Of course, with size also comes environmental concerns. Royal Caribbean has a fairly good green initiative compared to most cruise ships (although, let’s be honest, how green can a floating city be). But they still have a ways to go. At a talk given by the Environmental Officer on our last cruise, I asked about several rubber balls flying over the edge of the vessel during the dodge ball tournament. She told me they plan to build a higher restraining net. Also, that each time a ball goes overboard, the ship sends out a report.

Now, really. Am I supposed to believe that RC sends out little PT boats to round up these floating balls? With all the worldwide cruise ship lines, their ships, their excursions, and their dodge ball tournaments, all I can say is: we must have a helluva rubber and plastic lining on our Earth’s ocean floor.

***

So, even though, like most people, I love to eat and relax and be pampered, there’s always that nagging guilt. It’s probably why, periodically, I plunge into the woods to sleep in a moldy tent and eat processed cardboard. This way I get a little balance. My friend Paul would be proud: I actually earn my vacation.

I also get to gaze on some plants and trees in their native habitat. Without burping.

 

concordia

Making Amish

Two weeks ago my wife and I visited the Guggisberg Swiss Inn in Holmes County, Ohio, USA.  For those who don’t know about Holmes County, it has one of the largest populations of Amish in the USA – roughly 36,000 total.  Holmes County is not only a beautiful place to visit, with its rolling hills and winding roads (and splendid fall colors), but it’s also a step back into time.  The Amish are not only very strict in regards to religion, but their rural lifestyle and clothing have changed very little since the 19th century.

The town of Berlin is perhaps the most popular Amish locale for non-Amish (non-Amish are called “English” by the Amish.  So if you’re Hispanic, Asian, African American, whatever…you’re still “English”!).  Berlin, with its world-famous Amish furniture, quaint shops, and home-style restaurants has become a bit of a tourist trap.  But the smaller town of Charm is a little different.  The “Charm Days” festival was going on the weekend we visited, the centerpiece of which was a large auction.  Not only did we get to hear some expert auctioneers at work, but we actually got to feel like “guests” rather than tourists – the Amish comprised about 90 percent of the crowd, whereas we “English” were the distinct minority!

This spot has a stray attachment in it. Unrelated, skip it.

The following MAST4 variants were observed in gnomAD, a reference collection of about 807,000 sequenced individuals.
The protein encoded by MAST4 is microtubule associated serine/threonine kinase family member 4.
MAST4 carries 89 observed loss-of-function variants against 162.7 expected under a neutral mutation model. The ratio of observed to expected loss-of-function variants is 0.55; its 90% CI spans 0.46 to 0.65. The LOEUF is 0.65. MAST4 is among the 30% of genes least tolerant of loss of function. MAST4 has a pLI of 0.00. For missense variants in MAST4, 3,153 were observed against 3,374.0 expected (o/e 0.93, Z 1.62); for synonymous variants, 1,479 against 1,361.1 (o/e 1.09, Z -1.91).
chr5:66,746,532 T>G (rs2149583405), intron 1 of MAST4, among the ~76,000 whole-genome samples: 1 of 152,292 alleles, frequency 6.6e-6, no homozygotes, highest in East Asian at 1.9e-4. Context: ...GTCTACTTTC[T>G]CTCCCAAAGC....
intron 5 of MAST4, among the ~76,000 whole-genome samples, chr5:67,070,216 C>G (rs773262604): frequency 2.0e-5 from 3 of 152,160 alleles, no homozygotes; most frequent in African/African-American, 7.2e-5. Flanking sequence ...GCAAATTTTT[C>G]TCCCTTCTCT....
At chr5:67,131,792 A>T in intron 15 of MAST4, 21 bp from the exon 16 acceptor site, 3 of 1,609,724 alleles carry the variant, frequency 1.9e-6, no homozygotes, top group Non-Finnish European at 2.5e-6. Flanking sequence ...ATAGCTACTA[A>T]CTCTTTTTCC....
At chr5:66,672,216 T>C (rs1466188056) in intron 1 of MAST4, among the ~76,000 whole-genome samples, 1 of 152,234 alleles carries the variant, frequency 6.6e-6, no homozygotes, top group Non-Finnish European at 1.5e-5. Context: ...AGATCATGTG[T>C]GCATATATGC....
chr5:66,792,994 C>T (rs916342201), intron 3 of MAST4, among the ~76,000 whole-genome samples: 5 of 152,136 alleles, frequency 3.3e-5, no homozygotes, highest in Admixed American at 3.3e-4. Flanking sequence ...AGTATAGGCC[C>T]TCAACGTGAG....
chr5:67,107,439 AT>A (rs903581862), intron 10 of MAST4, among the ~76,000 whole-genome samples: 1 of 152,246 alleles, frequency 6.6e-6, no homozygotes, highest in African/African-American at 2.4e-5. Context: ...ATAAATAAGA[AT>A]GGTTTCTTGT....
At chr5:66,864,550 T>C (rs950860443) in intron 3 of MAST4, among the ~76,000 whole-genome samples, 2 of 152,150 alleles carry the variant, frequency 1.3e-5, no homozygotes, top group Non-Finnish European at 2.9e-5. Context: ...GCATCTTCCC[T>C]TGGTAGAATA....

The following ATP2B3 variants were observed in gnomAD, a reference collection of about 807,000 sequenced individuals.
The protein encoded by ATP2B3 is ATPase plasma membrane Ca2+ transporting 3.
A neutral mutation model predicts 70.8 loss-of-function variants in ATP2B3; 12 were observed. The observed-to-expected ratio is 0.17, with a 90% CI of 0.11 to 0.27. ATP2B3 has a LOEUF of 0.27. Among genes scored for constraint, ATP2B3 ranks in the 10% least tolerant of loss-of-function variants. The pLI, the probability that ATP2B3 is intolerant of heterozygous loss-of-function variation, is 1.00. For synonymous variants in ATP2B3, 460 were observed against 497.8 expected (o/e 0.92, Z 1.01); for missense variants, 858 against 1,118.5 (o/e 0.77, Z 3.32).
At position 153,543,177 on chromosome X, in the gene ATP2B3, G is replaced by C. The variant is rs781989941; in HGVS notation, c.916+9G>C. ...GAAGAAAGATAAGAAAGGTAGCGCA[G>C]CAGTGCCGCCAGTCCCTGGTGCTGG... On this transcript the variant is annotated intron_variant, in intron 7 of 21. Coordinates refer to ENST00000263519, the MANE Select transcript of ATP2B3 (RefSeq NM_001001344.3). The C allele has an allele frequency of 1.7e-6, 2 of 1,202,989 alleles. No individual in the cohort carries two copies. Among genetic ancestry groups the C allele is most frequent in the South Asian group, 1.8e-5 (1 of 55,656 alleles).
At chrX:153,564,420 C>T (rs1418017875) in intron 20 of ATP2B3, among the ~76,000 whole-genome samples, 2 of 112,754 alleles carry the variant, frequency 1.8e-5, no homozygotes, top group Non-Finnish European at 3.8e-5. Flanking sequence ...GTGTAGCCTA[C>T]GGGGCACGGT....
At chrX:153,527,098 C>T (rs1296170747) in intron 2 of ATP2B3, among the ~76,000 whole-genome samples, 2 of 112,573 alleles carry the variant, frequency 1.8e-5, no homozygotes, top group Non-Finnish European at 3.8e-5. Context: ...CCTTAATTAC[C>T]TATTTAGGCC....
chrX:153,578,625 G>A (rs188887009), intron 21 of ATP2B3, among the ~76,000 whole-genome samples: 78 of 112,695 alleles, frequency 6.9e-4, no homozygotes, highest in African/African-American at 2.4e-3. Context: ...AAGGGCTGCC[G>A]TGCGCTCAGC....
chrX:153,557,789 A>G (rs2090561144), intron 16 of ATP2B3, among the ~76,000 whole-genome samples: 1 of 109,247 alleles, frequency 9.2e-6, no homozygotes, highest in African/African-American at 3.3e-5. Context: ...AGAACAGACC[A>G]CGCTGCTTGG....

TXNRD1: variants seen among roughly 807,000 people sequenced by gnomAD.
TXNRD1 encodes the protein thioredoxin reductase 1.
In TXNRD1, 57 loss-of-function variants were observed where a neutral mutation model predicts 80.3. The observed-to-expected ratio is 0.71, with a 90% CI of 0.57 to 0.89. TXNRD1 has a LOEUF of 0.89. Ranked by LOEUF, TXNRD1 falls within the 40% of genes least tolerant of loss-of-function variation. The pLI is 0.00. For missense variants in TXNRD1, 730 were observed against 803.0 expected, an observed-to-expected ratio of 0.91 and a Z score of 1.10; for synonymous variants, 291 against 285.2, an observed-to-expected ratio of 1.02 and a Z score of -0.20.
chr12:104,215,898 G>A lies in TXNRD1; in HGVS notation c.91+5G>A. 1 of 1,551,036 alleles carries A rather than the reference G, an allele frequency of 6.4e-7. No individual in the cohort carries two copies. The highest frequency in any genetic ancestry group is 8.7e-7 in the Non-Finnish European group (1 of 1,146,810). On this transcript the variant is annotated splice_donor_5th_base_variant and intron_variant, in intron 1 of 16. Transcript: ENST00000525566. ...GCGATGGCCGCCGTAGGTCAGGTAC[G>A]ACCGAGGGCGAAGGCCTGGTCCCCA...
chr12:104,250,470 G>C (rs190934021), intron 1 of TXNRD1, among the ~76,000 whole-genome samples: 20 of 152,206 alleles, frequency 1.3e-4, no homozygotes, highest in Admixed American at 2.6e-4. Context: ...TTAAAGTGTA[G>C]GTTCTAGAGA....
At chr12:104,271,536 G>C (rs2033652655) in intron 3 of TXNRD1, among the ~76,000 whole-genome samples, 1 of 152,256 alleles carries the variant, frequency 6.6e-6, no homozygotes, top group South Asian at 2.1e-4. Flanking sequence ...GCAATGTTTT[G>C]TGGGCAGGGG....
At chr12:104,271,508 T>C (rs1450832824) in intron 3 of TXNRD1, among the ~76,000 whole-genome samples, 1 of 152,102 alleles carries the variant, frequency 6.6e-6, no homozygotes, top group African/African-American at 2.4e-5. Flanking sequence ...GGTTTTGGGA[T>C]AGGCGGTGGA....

The Inn also offered the opportunity to eat supper at an Amish home.  Lynn and I dined with two other couples at the home of Wayne and Iva Miller (one couple was from Cleveland, and the other couple were two ladies from Germany and Belgium).  Although Wayne was out bowhunting “whitetail,” Iva and her six children proved to be fantastic hosts.  We ate in the Millers’ unfinished walk-in basement, which was very sparse but also very clean.  We had coleslaw for an appetizer; fresh baked chicken, mashed potatoes and gravy, noodles, Canadian bacon, green beans, and bread with fresh strawberry preserves for the main course; and angelfood cake for dessert.  Iva and the kids had their own meal on the other side of the room.  After dessert, the four Miller girls entertained us by singing a couple harmonies they’d learned in church.

Overall it was a fun, peaceful, memorable weekend.  We’re thinking of going back again next year – but I may have to diet for several weeks ahead of time!